The nutritional needs of the hydrangea
Hydrangeas are among those plants that have very special demands on the soil and have a relatively high need for nutrients. The shrubs need a lot of nitrogen and potassium, as these nutrients have a direct influence on flower formation. In addition, the plants must be adequately supplied with minerals such as iron, sulfur, manganese and zinc, as these are often not available in sufficient quantities in the soil.
- When is the best time to use the hydrangea?
- How is the hydrangea properly overwintered?
- How is the hydrangea cared for after flowering?
In order to meet the nutritional needs of the hydrangeas, the plants must be fertilized with a nitrogen-based chemical or organic complete fertilizer that also contains little phosphorus. Many commercially available universal fertilizers are unsuitable for flowering plants because the phosphorus content of these agents is far too high. In the case of blue hydrangeas, this means, among other things, that the flowers turn pink or pink again.
Mineral fertilizers: Convenient to use
Special mineral fertilizers for hydrangeas are available from well-stocked specialist gardeners. Alternatively, special fertilizers for rhododendrons or azaleas are also suitable. These fertilizers optimally supply the hydrangea with all the nutrients required for healthy plant growth and abundant flower formation.
Because the fertilizer is well incorporated into the soil, the necessary nutrients are immediately available to the plant. However, this has the disadvantage that the fertilizing effect can decrease after a short time. Uniform supply of the plant can only be ensured if fertilization is carried out regularly and precisely according to the manufacturer's specifications.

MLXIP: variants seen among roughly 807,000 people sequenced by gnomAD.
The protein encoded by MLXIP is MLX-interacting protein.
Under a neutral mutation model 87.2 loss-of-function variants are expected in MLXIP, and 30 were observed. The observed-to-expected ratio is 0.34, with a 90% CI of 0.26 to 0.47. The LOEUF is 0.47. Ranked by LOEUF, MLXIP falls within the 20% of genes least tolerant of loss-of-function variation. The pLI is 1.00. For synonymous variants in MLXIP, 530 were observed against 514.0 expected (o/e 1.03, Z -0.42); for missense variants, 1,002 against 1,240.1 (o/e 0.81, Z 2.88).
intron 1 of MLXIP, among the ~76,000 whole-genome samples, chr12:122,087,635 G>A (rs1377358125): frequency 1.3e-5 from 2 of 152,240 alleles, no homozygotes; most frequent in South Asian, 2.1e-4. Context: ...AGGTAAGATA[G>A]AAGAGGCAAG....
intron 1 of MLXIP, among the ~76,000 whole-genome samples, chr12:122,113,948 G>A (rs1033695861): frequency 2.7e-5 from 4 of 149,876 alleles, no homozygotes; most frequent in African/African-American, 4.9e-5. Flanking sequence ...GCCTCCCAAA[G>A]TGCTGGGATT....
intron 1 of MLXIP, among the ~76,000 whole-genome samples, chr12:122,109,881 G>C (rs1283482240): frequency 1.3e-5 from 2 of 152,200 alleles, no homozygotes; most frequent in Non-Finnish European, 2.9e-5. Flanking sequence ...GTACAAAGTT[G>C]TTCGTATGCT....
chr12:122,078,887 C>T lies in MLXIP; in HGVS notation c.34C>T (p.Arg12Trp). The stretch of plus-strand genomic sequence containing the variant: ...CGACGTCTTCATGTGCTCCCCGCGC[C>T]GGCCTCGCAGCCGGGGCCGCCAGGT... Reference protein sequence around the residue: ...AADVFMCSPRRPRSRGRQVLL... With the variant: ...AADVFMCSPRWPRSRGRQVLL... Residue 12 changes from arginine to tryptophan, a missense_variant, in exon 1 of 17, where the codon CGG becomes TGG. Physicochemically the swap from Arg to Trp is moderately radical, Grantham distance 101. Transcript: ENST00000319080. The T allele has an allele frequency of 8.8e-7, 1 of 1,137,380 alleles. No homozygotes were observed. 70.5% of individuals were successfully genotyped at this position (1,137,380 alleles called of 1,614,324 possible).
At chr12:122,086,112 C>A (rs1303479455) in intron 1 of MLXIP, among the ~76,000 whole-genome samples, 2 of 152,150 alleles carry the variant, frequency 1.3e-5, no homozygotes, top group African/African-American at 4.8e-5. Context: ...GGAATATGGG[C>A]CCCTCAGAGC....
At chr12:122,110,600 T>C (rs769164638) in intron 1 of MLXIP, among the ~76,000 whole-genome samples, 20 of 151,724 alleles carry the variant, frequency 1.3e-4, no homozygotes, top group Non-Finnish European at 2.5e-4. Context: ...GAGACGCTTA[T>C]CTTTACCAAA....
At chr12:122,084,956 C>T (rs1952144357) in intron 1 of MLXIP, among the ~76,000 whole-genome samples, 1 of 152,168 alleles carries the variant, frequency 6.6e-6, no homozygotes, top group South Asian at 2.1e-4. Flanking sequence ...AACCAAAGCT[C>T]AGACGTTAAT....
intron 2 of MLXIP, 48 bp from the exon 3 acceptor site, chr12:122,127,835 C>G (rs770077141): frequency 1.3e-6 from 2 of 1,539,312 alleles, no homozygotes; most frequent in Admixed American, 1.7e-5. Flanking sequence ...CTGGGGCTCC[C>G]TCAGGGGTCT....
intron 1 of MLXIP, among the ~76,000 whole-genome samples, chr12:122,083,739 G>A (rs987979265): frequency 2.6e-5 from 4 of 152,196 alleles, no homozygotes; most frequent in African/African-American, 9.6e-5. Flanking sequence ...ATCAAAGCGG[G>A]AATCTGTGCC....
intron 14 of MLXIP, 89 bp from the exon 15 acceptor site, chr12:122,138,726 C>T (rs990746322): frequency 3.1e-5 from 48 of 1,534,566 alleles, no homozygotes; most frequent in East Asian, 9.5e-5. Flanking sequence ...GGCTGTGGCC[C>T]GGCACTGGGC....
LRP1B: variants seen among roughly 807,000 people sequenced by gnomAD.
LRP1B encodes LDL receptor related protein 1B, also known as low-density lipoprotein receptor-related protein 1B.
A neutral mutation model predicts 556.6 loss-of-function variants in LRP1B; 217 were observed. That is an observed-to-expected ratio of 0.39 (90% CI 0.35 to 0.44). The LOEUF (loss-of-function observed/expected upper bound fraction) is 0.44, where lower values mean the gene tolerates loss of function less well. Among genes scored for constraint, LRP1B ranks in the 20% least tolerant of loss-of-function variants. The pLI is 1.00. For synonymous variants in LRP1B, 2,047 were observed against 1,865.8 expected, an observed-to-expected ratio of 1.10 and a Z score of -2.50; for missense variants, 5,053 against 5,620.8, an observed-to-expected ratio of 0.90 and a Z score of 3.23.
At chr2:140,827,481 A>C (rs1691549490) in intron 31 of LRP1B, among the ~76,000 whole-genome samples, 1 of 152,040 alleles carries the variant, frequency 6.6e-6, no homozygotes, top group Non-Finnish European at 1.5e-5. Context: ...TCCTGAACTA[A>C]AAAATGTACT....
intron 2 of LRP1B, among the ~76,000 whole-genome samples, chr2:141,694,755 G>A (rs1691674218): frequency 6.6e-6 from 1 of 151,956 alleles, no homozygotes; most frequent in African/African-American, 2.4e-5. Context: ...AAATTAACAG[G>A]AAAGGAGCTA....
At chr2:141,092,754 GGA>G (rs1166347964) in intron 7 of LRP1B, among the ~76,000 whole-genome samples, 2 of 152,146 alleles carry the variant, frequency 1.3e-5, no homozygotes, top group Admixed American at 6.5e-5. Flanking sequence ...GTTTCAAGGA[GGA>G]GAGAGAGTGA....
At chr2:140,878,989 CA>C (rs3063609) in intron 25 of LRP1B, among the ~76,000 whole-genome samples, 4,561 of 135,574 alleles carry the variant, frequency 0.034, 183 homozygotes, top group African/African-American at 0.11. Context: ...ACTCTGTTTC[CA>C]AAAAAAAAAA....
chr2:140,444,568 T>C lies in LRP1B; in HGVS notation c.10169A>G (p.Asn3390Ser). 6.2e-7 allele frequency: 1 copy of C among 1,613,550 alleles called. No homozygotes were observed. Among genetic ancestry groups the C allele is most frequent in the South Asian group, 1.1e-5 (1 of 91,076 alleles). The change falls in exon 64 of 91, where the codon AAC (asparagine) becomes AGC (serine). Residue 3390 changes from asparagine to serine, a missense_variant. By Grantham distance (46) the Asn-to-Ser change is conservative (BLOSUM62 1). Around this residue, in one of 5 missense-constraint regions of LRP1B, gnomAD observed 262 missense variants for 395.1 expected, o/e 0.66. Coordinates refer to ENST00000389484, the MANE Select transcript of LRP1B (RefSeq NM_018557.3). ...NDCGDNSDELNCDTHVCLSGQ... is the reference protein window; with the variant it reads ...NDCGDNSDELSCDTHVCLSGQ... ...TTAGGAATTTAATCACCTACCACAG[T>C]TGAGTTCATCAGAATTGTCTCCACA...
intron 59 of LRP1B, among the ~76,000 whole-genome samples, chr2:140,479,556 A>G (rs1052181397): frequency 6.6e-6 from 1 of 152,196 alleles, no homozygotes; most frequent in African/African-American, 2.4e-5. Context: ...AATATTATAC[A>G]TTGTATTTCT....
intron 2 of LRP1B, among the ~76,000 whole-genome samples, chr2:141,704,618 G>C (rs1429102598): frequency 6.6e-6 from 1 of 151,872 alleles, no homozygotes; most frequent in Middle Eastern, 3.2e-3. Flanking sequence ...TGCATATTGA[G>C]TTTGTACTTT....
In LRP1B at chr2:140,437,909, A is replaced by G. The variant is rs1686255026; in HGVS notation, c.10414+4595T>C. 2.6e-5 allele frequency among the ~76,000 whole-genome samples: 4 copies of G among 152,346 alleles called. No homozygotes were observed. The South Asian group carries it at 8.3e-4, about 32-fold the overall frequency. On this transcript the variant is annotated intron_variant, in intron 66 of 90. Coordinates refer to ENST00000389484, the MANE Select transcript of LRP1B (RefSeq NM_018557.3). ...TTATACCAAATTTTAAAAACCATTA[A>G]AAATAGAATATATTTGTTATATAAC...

Liquid special fertilizers for hydrangeas are very suitable for feeding potted plants. Fertilize regularly as indicated on the packaging in order to optimally supply the plant with all nutrients.
Organic fertilizers - the natural alternative
More and more garden lovers want to forego the use of chemical fertilizers and therefore prefer to use organic fertilizers. These provide the hydrangea with all the nutrients it needs over a longer period, but need some time to work optimally. For this reason, you need to plan carefully when to fertilize with organic fertilizers. Organic fertilizers are environmentally friendly and, since many of the products can be produced in-house, they are an inexpensive alternative to other fertilizers.
Horn shavings and horn meal
These fertilizers are made from beef horns and beef claws that have been crushed or ground.
- Horn meal: grain size less than one millimeter
- Horn semolina: grain size from one to five millimeters
- Horn shavings: (€ 6.39 at Amazon *) grain size over five millimeters
The nitrogen content of this fertilizer is around 12 to 15 percent, the phosphorus content is less than one percent. Horn shavings first have to be opened up by the organisms in the ground and only slowly decompose. Over-fertilization is almost impossible. The decomposition time for horn meal is a few days, coarse horn shavings need several months until they are completely broken down.
In order to optimally supply the hydrangea with all nutrients, we recommend spreading horn shavings on poor and dry soils in combination with humus.
Humus: nutrient-rich, deep black compost soil